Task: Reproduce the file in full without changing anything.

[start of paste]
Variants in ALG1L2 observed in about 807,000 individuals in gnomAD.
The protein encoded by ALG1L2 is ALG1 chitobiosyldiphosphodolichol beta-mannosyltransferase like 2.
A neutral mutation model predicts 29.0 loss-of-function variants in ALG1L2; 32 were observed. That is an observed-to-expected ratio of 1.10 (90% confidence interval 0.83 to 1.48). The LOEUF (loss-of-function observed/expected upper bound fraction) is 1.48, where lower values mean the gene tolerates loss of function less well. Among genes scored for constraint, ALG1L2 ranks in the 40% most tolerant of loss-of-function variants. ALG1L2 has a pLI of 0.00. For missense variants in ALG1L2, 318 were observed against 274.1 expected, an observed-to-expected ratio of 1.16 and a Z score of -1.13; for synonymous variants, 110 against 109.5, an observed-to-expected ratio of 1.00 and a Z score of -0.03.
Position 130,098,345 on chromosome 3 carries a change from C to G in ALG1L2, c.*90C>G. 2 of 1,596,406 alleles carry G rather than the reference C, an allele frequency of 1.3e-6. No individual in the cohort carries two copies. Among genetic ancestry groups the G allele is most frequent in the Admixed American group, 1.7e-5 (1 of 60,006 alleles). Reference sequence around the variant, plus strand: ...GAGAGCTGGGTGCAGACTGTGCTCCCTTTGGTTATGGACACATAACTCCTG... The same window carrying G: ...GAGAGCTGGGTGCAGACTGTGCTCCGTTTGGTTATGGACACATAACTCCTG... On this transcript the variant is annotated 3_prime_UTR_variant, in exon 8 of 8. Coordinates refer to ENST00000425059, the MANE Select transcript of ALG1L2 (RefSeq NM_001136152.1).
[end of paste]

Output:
Variants in ALG1L2 observed in about 807,000 individuals in gnomAD.
The protein encoded by ALG1L2 is ALG1 chitobiosyldiphosphodolichol beta-mannosyltransferase like 2.
A neutral mutation model predicts 29.0 loss-of-function variants in ALG1L2; 32 were observed. That is an observed-to-expected ratio of 1.10 (90% confidence interval 0.83 to 1.48). The LOEUF (loss-of-function observed/expected upper bound fraction) is 1.48, where lower values mean the gene tolerates loss of function less well. Among genes scored for constraint, ALG1L2 ranks in the 40% most tolerant of loss-of-function variants. ALG1L2 has a pLI of 0.00. For missense variants in ALG1L2, 318 were observed against 274.1 expected, an observed-to-expected ratio of 1.16 and a Z score of -1.13; for synonymous variants, 110 against 109.5, an observed-to-expected ratio of 1.00 and a Z score of -0.03.
Position 130,098,345 on chromosome 3 carries a change from C to G in ALG1L2, c.*90C>G. 2 of 1,596,406 alleles carry G rather than the reference C, an allele frequency of 1.3e-6. No individual in the cohort carries two copies. Among genetic ancestry groups the G allele is most frequent in the Admixed American group, 1.7e-5 (1 of 60,006 alleles). Reference sequence around the variant, plus strand: ...GAGAGCTGGGTGCAGACTGTGCTCCCTTTGGTTATGGACACATAACTCCTG... The same window carrying G: ...GAGAGCTGGGTGCAGACTGTGCTCCGTTTGGTTATGGACACATAACTCCTG... On this transcript the variant is annotated 3_prime_UTR_variant, in exon 8 of 8. Coordinates refer to ENST00000425059, the MANE Select transcript of ALG1L2 (RefSeq NM_001136152.1).